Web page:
How Green Is Green: Plastic Recycling Symbols Explained
Whatever your feelings about plastic it is undeniably the most commonly used form of packaging and as such most of us will come in direct contact with some kind of plastic in the course of a day. With so much plastic around us all the time it pays to know exactly what we’re buying and where it’s headed when we’re done with it. These are the symbols most commonly seen on plastic packaging and what they mean.
These symbols are usually moulded into the plastic and found on the bottom of packaging. It is raised but not always clearly visible. The symbols are usually a combination of numbers (1-7) and acronyms in and around the universal recycling symbol but they can appear in various forms.
While the symbols suggests that these items are recyclable they are actually a resin coding system which indicates what type of plastic was used to make the product and many of these plastics are not recycled. What plastics are and are not recycled is determined by the process used at your local material recovery facility but the code is universal.
Polyethylene Terephthalate: Most soft drink and water bottles are made from this plastic and they are also used in salad dressing, juice and mouthwash bottles. These plastics are the most widely accepted for recycling and most public facilities will recycle these plastics.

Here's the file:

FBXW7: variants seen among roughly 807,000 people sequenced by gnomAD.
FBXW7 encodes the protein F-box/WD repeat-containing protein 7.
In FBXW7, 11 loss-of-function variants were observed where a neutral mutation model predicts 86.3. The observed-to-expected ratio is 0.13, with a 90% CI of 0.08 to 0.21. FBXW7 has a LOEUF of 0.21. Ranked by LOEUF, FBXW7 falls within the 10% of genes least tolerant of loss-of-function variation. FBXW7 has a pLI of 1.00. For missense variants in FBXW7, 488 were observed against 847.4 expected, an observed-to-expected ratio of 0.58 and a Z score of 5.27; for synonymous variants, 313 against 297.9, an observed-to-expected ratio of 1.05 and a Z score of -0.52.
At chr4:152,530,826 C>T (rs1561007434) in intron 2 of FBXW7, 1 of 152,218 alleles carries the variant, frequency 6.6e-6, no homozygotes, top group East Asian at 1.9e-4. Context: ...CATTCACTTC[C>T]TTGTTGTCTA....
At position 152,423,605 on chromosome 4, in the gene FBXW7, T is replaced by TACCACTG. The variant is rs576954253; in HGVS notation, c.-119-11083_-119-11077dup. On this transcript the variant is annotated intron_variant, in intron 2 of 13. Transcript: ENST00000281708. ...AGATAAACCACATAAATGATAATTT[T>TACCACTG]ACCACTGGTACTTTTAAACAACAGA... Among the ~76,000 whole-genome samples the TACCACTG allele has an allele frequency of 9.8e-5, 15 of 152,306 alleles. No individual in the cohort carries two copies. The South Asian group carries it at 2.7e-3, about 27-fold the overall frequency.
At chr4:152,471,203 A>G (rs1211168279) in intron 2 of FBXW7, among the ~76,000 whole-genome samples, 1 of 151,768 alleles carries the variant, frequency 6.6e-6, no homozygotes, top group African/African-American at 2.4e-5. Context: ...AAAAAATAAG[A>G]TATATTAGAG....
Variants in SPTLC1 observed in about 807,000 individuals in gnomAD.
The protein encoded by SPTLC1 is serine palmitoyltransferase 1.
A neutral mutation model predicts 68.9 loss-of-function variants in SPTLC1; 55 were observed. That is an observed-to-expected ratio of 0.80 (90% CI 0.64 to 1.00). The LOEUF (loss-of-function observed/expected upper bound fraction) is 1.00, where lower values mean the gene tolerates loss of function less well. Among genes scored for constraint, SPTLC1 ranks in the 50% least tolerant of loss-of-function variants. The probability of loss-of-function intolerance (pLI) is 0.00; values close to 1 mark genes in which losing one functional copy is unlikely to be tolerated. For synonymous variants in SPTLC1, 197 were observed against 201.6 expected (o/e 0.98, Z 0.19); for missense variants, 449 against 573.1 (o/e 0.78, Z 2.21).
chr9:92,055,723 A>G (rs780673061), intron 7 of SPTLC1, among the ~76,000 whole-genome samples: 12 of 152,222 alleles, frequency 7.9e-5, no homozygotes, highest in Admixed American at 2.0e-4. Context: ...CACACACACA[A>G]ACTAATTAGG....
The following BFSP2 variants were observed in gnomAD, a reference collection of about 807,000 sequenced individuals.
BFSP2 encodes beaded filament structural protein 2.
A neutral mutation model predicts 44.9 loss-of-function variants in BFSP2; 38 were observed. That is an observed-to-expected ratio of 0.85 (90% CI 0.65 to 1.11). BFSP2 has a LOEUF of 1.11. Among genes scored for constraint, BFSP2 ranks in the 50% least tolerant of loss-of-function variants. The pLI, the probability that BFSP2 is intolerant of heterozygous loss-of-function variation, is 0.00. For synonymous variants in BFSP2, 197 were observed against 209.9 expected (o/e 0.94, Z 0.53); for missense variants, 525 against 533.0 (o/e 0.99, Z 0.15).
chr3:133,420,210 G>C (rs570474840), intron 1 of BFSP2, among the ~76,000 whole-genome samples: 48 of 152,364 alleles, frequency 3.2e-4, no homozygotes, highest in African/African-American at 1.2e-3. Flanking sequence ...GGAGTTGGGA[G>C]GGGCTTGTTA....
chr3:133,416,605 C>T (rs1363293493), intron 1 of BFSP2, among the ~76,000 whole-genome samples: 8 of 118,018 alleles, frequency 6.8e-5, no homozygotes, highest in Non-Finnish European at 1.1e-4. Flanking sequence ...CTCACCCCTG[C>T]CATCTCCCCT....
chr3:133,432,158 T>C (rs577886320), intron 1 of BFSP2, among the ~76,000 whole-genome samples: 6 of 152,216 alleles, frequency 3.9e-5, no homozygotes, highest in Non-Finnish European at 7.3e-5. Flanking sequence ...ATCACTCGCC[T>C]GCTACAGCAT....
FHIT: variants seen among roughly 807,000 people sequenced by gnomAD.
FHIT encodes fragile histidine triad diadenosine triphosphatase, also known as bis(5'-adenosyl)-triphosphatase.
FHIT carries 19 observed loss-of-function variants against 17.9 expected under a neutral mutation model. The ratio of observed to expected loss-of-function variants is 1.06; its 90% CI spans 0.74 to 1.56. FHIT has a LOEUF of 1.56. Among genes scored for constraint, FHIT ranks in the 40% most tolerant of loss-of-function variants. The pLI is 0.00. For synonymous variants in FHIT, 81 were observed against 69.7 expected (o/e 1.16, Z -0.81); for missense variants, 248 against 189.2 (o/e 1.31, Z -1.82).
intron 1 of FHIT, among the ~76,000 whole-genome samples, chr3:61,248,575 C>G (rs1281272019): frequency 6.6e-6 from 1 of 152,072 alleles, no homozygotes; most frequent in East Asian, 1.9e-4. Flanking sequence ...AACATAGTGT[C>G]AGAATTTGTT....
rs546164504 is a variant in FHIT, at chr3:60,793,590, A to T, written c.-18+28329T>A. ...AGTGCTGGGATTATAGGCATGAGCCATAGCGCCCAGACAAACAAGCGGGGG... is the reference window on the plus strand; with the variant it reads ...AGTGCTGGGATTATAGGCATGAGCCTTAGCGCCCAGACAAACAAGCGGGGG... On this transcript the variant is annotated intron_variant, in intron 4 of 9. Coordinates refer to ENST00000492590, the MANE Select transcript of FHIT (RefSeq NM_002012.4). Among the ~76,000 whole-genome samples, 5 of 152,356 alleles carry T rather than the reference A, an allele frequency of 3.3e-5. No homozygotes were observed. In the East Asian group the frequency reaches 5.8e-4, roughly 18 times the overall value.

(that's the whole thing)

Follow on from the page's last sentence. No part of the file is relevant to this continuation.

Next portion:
High Density Polyethylene: These plastics are found in bleach,washing detergent and shampoo bottles. These plastics are also widely accepted for recycling.
Polyvinyl Chloride: This type of plastic was used in detergent and shampoo bottles but is not that common any more. These plastics are not readily recyclable and many facilities do not recycle this plastic.
Low Density Polyethylene: Used in grocery bags, sandwich bags and bread bags this plastic can be recycled into more bags but most public facilities don’t accept this type of plastic.
Polypropylene: This type of plastic can be used in straws and bottle caps and some facilities recycle this plastic.
Polystyrene or Styrofoam: This plastic can be used in take away cups and containers, meat trays and cd cases. It is difficult to recycle and most public facilities will not accept this plastic.
Other: This category includes a wide variety of plastic resins that don’t fit into any other category. This category is expanding as new plastics are developed and it includes compostable plastics made from plants as well as hard plastics like polycarbonate. These plastics have not traditionally been recycled.
Already Recycled: Symbols that include an R at the start of their acronym coding indicate that the product was made using plastic that has already been recycled. These products can still be recycled if their coding allows.
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